We love art and craft markets. It’s a great opportunity to meet talented, locally based makers and get our hands on original work straight from the artist.
It’s a fact that a lot of the remarkable artists and crafters that sell on ideyna also showcase and sell their work at local craft and art markets. If you live in the UAE, you can’t have missed the mushrooming of said markets, community fairs and pop up events in the last two years. There seems to be one every other day!
It’s a crafty jungle out there. So, how does an independent maker stand out from the crowd?
We think one of the best ways that a maker can draw the attention of potential buyers at a teeming market is by having an amazing table or stall display. Your items are incredible but they need an effective arrangement to pull in buyers. So, we went offline and met up with ARTE founder Miriam Walsh. For those who don’t know, ARTE is the original granddaddy of local craft markets. ARTE held its first market in 2005 with 30 vendors. Now in 2015, ARTE markets see as many as 225 makers participating at a single day event.
Through the 10 years ARTE has been in existence, Miriam has worked with more than 6000 makers and perhaps, most telling of all, Miriam herself is a crafter (She creates the cutest felt dolls and animals). This lady certainly knows what she’s talking about. When we asked her to spill the secrets of a great display table at a market, she didn’t hold back.
We also asked Miriam to direct us to three crafters with fabulous tables during one Arte market. Pictured in this post are the tables of Sugar Plum, Komeropuoti – Little Craft Shop and LulaBeau with on point examples of the right ways to grab attention to your work.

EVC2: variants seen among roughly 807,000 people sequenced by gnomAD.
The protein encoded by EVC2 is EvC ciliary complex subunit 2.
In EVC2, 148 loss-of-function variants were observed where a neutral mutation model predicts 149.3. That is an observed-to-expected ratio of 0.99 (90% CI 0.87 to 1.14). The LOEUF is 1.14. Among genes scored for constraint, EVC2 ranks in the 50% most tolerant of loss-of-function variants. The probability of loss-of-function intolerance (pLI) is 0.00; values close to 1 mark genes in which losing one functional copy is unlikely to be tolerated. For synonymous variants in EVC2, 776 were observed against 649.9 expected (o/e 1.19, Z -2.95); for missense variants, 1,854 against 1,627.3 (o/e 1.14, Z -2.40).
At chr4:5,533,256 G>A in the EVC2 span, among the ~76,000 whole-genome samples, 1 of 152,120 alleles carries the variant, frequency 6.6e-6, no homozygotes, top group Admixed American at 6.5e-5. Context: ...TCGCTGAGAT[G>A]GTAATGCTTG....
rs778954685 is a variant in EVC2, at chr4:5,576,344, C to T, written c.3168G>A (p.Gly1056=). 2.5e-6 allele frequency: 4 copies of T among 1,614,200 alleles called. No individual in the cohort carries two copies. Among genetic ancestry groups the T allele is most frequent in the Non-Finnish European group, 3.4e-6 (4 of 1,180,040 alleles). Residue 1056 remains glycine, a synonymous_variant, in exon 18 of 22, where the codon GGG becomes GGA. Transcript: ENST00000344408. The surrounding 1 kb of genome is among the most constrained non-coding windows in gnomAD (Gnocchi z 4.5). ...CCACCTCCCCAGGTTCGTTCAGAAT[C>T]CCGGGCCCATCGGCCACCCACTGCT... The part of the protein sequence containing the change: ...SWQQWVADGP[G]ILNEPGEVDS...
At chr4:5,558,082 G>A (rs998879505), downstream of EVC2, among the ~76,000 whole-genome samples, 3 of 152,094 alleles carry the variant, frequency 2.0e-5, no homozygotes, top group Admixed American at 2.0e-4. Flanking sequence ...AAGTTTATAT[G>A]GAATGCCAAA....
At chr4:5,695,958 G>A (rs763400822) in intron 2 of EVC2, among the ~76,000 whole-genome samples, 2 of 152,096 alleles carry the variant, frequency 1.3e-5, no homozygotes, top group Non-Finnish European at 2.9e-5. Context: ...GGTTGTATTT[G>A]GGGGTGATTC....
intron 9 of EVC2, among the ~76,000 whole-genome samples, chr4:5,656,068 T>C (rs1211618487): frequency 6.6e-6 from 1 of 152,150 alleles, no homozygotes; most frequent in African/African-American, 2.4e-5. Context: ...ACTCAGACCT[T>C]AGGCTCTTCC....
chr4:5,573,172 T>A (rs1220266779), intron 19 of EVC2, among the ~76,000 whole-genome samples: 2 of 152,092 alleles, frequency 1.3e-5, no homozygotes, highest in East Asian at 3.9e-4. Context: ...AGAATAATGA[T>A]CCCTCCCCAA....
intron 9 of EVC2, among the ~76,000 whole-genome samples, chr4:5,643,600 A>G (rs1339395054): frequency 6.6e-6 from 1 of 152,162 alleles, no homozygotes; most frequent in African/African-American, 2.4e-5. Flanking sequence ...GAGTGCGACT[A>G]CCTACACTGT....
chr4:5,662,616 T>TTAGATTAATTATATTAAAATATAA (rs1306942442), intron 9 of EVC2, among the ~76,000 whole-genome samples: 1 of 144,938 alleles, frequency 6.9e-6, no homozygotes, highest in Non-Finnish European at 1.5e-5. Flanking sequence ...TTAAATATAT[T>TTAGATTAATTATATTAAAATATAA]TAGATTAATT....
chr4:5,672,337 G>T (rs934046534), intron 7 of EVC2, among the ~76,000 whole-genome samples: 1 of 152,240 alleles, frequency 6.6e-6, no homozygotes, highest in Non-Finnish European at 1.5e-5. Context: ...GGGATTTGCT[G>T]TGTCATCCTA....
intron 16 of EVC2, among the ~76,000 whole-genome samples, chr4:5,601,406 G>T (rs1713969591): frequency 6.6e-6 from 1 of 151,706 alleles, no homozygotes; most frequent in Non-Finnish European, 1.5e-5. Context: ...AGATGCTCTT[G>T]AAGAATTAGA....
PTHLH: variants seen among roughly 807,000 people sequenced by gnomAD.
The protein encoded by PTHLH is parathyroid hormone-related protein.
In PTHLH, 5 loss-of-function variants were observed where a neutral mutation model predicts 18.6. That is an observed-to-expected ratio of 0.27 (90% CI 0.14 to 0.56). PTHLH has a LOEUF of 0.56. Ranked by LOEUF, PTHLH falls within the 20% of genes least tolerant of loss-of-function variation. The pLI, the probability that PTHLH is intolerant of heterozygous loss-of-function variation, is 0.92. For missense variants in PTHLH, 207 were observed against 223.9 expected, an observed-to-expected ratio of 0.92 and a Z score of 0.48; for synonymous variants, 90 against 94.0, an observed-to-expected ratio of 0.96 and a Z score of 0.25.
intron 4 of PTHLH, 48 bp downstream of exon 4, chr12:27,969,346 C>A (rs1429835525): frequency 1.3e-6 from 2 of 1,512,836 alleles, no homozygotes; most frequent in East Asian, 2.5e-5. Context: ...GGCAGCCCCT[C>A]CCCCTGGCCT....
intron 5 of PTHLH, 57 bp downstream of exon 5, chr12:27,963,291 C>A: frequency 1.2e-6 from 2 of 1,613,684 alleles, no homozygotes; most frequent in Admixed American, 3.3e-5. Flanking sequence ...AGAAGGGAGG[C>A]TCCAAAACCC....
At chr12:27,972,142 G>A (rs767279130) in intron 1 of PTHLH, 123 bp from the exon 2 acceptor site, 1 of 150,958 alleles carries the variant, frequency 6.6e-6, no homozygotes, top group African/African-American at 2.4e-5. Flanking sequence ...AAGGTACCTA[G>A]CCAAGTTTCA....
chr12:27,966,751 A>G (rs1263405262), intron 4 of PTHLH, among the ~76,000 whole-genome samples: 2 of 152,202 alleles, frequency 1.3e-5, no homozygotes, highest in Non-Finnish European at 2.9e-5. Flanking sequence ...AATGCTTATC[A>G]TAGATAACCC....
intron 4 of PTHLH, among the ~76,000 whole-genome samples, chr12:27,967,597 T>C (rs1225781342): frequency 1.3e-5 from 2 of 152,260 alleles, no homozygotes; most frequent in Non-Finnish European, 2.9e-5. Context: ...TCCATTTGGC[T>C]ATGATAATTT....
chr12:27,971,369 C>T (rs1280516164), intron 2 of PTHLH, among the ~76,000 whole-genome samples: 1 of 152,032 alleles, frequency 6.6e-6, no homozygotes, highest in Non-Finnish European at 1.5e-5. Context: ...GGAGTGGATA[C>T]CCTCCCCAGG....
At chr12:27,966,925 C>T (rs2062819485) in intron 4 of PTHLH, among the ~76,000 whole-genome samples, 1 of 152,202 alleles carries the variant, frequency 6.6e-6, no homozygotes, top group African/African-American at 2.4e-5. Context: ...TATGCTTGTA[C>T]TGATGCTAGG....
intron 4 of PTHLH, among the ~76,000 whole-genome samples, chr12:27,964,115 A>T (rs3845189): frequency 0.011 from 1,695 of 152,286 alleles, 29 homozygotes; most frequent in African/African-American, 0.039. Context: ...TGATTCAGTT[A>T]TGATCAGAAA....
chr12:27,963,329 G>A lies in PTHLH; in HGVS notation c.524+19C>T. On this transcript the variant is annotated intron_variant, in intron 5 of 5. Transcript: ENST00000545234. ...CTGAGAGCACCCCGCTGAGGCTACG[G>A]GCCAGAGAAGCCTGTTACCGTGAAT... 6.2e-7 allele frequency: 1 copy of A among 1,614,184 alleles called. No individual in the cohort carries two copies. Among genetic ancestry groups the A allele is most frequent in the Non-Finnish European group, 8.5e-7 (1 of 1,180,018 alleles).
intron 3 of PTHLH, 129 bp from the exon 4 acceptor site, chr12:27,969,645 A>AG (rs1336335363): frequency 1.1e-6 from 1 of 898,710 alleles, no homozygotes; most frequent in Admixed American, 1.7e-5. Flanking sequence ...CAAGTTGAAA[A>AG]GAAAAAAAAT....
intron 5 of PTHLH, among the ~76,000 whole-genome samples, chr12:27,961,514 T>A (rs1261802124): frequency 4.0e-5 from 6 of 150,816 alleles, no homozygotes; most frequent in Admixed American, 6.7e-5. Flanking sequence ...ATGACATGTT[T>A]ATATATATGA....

Here are Miriam Walsh’s secrets to a great and effective craft table display.
Think of your table as a shop window
It’s what people first see about you. Remember that your display is 2/3 of your product so give it the importance it deserves. Put yourself in the shoes of a buyer and gauge how attractive and eye catching your display is.
Use props to not only elevate your display but as functional tools too. For instance, Leslie from Sugar Plum uses colourful gift boxes to place her items on. Not only do these look good, but they give the display height and bring the items to eye level of the customers. Use table cloths in your signature colors and make that part of your theme and branding.
Avoid a ‘busy’ table
Avoid a cluttered or busy looking display. Try and create space between products (even if it means showing a limited number of items, keep the rest of your stock out of sight under the table for instance). Cluttered displays distract buyers regardless of the fact that your product is awesome.
The importance of signage
Miriam says that sometimes your product or its use may not be obvious. Use signage to explain to buyers what your product is and if you can, try by example to show its function. You can also use signage to display prices, so it saves potential buyers from asking you how much an item costs. We love how Louisa from LulaBeau reminds buyers that she takes custom orders with a clear and cute sign.
Use lighting if you can
Use small spot lights to really stand out and focus the attention of a potential customer. This is especially important for smaller sized products like jewellery and will go a long way in elevating your display.
Use a small portion of your table to keep a bunch of business cards, mini brochures or leaflets with more information about yourself and your work. They are handy to give out, if customers show an interest but are not buying. And it’s something to remember you by even after the event.